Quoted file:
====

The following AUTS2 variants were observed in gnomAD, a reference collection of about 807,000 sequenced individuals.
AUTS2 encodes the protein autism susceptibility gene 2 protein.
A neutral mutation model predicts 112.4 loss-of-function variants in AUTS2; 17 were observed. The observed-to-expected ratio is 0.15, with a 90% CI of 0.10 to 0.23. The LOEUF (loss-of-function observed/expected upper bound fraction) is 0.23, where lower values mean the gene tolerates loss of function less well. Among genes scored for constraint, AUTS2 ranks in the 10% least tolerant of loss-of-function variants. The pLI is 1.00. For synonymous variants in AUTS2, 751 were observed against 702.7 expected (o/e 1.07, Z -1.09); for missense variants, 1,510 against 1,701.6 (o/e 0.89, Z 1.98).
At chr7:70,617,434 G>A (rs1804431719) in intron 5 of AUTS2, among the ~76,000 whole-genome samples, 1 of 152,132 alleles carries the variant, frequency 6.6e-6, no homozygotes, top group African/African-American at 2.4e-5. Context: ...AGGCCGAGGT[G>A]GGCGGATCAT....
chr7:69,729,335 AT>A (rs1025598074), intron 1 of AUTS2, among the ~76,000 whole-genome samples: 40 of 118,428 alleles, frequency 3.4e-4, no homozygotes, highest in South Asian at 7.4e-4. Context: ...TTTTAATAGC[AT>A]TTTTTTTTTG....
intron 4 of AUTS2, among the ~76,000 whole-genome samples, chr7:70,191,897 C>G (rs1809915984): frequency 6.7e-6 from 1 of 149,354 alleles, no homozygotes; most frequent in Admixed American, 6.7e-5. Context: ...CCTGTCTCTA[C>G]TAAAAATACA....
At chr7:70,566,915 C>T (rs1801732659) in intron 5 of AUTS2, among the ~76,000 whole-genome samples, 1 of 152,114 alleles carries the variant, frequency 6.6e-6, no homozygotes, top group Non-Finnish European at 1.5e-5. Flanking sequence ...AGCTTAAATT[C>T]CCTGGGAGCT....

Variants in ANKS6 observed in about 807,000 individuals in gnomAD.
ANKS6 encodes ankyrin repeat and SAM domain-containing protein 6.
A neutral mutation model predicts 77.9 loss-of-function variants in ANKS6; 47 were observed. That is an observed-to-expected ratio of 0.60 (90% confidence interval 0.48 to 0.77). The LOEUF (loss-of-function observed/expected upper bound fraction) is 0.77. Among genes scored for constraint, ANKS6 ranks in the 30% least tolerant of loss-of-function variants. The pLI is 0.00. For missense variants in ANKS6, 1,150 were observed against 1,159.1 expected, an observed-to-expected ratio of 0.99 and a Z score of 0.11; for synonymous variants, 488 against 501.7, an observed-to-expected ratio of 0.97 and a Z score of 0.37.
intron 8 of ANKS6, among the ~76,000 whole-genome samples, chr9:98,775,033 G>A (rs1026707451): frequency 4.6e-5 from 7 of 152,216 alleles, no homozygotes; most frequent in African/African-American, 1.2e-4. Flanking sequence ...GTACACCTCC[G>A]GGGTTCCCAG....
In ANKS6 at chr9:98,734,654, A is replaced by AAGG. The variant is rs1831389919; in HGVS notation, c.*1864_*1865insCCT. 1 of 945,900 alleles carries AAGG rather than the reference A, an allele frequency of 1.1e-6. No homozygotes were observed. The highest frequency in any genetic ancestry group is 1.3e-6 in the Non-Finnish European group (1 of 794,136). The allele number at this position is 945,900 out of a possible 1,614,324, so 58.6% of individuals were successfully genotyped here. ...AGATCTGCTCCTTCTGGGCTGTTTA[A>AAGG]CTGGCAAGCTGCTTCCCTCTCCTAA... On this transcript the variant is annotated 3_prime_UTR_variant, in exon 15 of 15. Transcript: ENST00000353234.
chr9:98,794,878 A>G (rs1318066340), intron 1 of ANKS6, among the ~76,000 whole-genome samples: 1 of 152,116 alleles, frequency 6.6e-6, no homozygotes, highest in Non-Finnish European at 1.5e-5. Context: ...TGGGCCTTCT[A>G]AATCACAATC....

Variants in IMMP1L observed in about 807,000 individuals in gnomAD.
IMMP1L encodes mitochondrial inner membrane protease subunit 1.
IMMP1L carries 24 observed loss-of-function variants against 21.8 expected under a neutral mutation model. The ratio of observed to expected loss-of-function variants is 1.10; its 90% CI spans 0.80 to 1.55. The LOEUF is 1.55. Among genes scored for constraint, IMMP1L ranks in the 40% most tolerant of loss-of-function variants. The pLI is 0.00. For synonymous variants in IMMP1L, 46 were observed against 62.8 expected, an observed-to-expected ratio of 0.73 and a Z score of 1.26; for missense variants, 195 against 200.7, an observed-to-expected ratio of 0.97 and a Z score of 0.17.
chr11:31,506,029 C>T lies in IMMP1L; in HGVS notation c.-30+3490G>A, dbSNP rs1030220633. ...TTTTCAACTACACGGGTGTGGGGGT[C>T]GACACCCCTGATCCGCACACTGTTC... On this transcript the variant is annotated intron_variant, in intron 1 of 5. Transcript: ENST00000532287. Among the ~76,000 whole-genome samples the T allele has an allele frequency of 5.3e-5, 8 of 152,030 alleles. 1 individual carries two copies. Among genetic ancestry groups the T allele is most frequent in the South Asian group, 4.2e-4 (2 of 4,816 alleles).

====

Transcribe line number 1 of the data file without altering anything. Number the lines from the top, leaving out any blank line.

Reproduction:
The following AUTS2 variants were observed in gnomAD, a reference collection of about 807,000 sequenced individuals.